The silly story about Christmas just got serious

The silly debate about whether students will be allowed home at Christmas masks a much more important and urgent one.

I posted earlier about Scotland and local lockdown areas everywhere else. Put simply, given visits to other households aren’t allowed, can students go home at the weekend?

It’s an important question generally because so many do almost every weekend. But it’s a vital question specifically because it’s a fair bet that these household visits rules will end up being UK wide, and may well be in place for much of the academic year.

It also matters because students need to know today what the rules are. And crucially, we have a moral duty to warn students.

Not all students are going to be able to cope with conditions like this – some distance from the mood music we were playing as a sector over the summer. But for some the prospect of not being able to see family again until Christmas (or if you believe the stories, beyond), will just be too much, and far, far beyond reasonable in terms of “you ought to have expected things would be a bit different”.

Earlier Jason Leitch, who’s the Scottish NHS National Clinical Director, tweeted:

If he’s right – and a similar interpretation is to be applied to “households” across the UK, we need to warn students now.

The interpretation suggests that any student whose family home is in Scotland or in a local lockdown area can’t legally go home this weekend, or indeed until the restrictions are lifted.

Morally – and who knows where we are legally – all four nations now have to do the following, in my view:

  • Clarify whether that interpretation is correct with a shared, UK wide definition – issued ideally properly rather than on Twitter
  • Warn all students from across the UK now – whether they have arrived or not and including international students
  • Allow any student who now wishes to drop out that has passed date for fee liability to have that liability waived
  • Allow any student in that position to abandon a private housing rental contract with no penalty and a full refund where payment has been upfront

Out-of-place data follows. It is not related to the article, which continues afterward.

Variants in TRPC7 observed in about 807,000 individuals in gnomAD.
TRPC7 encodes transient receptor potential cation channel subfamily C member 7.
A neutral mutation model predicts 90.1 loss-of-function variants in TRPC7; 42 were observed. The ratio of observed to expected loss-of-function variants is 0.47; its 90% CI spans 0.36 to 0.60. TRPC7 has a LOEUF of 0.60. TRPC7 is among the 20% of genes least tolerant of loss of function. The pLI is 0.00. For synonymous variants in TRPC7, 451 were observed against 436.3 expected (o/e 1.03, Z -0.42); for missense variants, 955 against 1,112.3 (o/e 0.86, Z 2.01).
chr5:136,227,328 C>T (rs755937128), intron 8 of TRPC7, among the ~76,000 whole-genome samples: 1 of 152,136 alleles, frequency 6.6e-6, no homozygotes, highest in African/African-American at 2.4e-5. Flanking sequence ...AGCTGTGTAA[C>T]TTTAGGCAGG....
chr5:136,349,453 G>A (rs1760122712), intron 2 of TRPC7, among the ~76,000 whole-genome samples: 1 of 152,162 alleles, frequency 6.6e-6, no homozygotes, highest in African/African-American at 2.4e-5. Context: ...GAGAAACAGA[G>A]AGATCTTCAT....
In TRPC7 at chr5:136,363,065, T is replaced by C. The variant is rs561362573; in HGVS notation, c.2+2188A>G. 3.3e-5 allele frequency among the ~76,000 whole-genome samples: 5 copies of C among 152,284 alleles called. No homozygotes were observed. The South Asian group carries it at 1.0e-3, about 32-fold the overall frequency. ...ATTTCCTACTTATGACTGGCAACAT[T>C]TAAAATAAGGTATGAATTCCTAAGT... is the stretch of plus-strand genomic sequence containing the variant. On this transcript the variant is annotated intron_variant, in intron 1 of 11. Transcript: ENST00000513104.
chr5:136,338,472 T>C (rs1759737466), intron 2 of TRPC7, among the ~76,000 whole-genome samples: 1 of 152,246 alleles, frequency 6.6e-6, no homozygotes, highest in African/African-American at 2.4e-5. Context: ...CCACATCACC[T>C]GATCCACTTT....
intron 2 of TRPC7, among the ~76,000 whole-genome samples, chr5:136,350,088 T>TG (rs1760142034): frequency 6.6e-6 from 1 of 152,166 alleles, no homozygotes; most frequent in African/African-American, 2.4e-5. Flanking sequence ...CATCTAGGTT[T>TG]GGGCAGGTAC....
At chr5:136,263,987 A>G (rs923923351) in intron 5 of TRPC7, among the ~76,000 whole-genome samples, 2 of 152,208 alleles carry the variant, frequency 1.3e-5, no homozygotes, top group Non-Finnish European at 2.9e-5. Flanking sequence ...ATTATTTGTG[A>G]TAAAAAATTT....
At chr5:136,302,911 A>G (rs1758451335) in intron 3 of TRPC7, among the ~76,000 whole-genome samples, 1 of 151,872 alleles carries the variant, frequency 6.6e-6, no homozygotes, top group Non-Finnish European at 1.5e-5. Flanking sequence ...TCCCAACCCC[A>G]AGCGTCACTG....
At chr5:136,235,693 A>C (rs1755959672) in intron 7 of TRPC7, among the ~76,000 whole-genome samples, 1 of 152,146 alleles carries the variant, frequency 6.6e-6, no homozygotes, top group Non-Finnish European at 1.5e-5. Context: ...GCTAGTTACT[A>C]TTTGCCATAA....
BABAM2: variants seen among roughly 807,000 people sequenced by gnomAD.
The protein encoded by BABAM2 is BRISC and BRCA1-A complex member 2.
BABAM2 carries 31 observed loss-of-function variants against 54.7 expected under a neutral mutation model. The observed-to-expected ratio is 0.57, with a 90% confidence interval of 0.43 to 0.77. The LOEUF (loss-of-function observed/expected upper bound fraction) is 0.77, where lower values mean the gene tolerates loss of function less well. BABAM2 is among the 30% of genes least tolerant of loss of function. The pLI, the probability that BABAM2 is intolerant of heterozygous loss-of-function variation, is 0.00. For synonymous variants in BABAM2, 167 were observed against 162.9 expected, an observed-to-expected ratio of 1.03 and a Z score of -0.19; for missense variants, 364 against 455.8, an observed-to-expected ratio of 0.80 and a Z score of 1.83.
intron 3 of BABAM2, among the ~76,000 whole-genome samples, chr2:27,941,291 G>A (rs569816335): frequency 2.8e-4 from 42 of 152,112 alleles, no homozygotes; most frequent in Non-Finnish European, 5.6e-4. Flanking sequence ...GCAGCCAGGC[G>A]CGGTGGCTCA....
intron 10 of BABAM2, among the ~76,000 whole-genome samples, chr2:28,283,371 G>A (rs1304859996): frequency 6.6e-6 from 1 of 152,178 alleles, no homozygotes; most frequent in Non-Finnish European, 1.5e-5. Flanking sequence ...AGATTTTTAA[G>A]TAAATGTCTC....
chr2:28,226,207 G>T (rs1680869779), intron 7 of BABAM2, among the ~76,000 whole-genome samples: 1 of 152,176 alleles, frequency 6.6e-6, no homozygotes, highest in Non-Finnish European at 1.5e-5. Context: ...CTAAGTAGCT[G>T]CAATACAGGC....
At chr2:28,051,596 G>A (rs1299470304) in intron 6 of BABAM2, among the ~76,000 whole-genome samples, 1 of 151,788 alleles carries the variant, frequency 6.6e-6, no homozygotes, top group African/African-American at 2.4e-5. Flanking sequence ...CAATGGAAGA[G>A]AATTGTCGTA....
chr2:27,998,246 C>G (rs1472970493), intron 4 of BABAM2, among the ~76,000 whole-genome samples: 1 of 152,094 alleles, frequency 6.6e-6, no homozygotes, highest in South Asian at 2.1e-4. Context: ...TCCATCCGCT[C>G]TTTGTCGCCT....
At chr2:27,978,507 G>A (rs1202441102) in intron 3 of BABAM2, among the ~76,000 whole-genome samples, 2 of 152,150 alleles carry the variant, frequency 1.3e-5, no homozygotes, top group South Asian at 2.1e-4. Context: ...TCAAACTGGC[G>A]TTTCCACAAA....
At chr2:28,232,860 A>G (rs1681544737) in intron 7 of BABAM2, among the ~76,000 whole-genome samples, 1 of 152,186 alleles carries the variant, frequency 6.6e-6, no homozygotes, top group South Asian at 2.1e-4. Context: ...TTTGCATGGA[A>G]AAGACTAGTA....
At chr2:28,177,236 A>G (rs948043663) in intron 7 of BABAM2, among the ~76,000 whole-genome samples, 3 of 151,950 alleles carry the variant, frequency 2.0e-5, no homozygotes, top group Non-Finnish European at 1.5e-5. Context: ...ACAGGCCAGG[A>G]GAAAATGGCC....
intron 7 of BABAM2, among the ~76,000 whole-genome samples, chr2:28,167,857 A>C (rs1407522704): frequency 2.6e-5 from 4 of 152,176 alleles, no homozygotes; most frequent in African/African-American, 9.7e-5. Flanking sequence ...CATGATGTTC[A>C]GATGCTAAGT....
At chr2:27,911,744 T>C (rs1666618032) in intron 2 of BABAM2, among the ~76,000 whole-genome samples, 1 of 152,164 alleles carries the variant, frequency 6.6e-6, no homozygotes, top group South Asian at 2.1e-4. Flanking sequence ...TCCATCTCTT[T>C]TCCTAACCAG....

• Have a place at that university next September guaranteed
  • Put in place similar measures to ensure that any “away from home” student whose family home goes into a “no visits” restriction can benefit from the above

One other thing on this. As Scottish student finance expert Lucy Hunter-Blackburn points out, the mistake would be to see this as all about students wanting support. There’ll be some who are very anxious about the people they’ve left behind who they now can’t give support to.

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Well – we have an update here at 5pm. Just not the sort I was expecting.

This morning Nicola Sturgeon promised “further measures” for higher education given the widely reported outbreaks in halls across Scotland. This afternoon Scottish VCs met with the Minister for Further Education, Higher Education and Science, Richard Lochhead, to discuss what further measures and messages could be emphasised to stop the spread of the virus. And the results are really quite extraordinary. Universities have apparently agreed that:

All universities will make absolutely clear to students that there must be no parties, and no socialising outside their households – communicating and reinforcing these messages on a regular basis using our full range of media channels. Breaches will not be tolerated.

This weekend, the first of the new tighter Scottish Government guidance, we will require students to avoid all socialising outside of their households and outside of their accommodation. We will ask them not to go to bars or other hospitality venues.  We will be clear that this is a necessary step at this crucial moment of managing the virus in the student population, to protect students and the wider community.

We will increase the staff presence in student accommodation, to be vigilant against any breaches of guidance and also to offer welfare and practical support to students who are experiencing isolation.

We will engage further with private providers of student accommodation, especially those with significant numbers of bedspaces, to follow our lead and strictly enforce guidance.

We will intensify our institutions’ liaison with Police Scotland, to ensure vigilance about student behaviour off-campus and in private accommodation.

We will take a strict ‘Yellow Card/Red Card’ approach to breaches of student discipline that put students and others at risk. While we first want to advise students about breaches of discipline, we will not hesitate to escalate this to disciplinary action including potential discontinuation of study.

We will commit to further agile staff responses to immediately respond to cases, to help manage the pressures on the public health authorities.

We will require all students to download the Protect Scotland app.